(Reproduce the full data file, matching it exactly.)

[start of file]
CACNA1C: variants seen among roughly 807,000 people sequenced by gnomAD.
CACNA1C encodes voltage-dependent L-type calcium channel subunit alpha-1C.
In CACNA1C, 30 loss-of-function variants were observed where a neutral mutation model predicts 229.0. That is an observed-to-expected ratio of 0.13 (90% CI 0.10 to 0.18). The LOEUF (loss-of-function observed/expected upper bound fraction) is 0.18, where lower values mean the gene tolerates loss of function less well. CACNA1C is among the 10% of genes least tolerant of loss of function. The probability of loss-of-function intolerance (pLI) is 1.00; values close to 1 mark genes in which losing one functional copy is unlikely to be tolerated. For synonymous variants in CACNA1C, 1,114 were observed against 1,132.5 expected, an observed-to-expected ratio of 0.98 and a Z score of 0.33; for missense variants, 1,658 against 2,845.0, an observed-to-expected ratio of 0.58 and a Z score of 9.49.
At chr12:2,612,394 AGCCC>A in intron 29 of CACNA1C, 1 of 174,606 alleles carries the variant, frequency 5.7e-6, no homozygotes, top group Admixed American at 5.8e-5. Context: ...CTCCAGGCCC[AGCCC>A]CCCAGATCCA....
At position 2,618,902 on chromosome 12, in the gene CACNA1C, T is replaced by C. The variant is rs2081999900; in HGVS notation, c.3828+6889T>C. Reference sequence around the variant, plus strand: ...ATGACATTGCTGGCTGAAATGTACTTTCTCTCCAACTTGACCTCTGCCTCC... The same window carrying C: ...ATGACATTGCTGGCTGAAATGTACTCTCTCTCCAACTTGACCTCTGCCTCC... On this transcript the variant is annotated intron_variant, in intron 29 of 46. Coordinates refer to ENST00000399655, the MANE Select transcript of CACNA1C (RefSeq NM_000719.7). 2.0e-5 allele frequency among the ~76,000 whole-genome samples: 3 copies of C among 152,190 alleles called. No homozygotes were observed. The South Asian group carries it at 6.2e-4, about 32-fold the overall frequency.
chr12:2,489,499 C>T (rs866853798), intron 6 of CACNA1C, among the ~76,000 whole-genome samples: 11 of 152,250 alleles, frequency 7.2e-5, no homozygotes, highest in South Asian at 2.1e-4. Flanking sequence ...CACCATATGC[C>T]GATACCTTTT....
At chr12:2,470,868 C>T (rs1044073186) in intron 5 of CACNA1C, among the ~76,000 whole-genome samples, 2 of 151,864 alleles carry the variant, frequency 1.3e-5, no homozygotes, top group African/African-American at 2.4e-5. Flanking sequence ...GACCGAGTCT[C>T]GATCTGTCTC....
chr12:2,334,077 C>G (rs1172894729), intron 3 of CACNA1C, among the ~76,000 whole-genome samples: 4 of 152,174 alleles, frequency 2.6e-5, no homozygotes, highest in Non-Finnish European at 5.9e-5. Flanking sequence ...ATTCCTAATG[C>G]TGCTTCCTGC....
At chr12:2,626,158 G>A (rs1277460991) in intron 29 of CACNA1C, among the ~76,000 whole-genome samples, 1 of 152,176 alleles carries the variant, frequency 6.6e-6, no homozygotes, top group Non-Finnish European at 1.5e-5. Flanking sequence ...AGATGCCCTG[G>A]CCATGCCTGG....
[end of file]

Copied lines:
CACNA1C: variants seen among roughly 807,000 people sequenced by gnomAD.
CACNA1C encodes voltage-dependent L-type calcium channel subunit alpha-1C.
In CACNA1C, 30 loss-of-function variants were observed where a neutral mutation model predicts 229.0. That is an observed-to-expected ratio of 0.13 (90% CI 0.10 to 0.18). The LOEUF (loss-of-function observed/expected upper bound fraction) is 0.18, where lower values mean the gene tolerates loss of function less well. CACNA1C is among the 10% of genes least tolerant of loss of function. The probability of loss-of-function intolerance (pLI) is 1.00; values close to 1 mark genes in which losing one functional copy is unlikely to be tolerated. For synonymous variants in CACNA1C, 1,114 were observed against 1,132.5 expected, an observed-to-expected ratio of 0.98 and a Z score of 0.33; for missense variants, 1,658 against 2,845.0, an observed-to-expected ratio of 0.58 and a Z score of 9.49.
At chr12:2,612,394 AGCCC>A in intron 29 of CACNA1C, 1 of 174,606 alleles carries the variant, frequency 5.7e-6, no homozygotes, top group Admixed American at 5.8e-5. Context: ...CTCCAGGCCC[AGCCC>A]CCCAGATCCA....
At position 2,618,902 on chromosome 12, in the gene CACNA1C, T is replaced by C. The variant is rs2081999900; in HGVS notation, c.3828+6889T>C. Reference sequence around the variant, plus strand: ...ATGACATTGCTGGCTGAAATGTACTTTCTCTCCAACTTGACCTCTGCCTCC... The same window carrying C: ...ATGACATTGCTGGCTGAAATGTACTCTCTCTCCAACTTGACCTCTGCCTCC... On this transcript the variant is annotated intron_variant, in intron 29 of 46. Coordinates refer to ENST00000399655, the MANE Select transcript of CACNA1C (RefSeq NM_000719.7). 2.0e-5 allele frequency among the ~76,000 whole-genome samples: 3 copies of C among 152,190 alleles called. No homozygotes were observed. The South Asian group carries it at 6.2e-4, about 32-fold the overall frequency.
chr12:2,489,499 C>T (rs866853798), intron 6 of CACNA1C, among the ~76,000 whole-genome samples: 11 of 152,250 alleles, frequency 7.2e-5, no homozygotes, highest in South Asian at 2.1e-4. Flanking sequence ...CACCATATGC[C>T]GATACCTTTT....
At chr12:2,470,868 C>T (rs1044073186) in intron 5 of CACNA1C, among the ~76,000 whole-genome samples, 2 of 151,864 alleles carry the variant, frequency 1.3e-5, no homozygotes, top group African/African-American at 2.4e-5. Flanking sequence ...GACCGAGTCT[C>T]GATCTGTCTC....
chr12:2,334,077 C>G (rs1172894729), intron 3 of CACNA1C, among the ~76,000 whole-genome samples: 4 of 152,174 alleles, frequency 2.6e-5, no homozygotes, highest in Non-Finnish European at 5.9e-5. Flanking sequence ...ATTCCTAATG[C>G]TGCTTCCTGC....
At chr12:2,626,158 G>A (rs1277460991) in intron 29 of CACNA1C, among the ~76,000 whole-genome samples, 1 of 152,176 alleles carries the variant, frequency 6.6e-6, no homozygotes, top group Non-Finnish European at 1.5e-5. Flanking sequence ...AGATGCCCTG[G>A]CCATGCCTGG....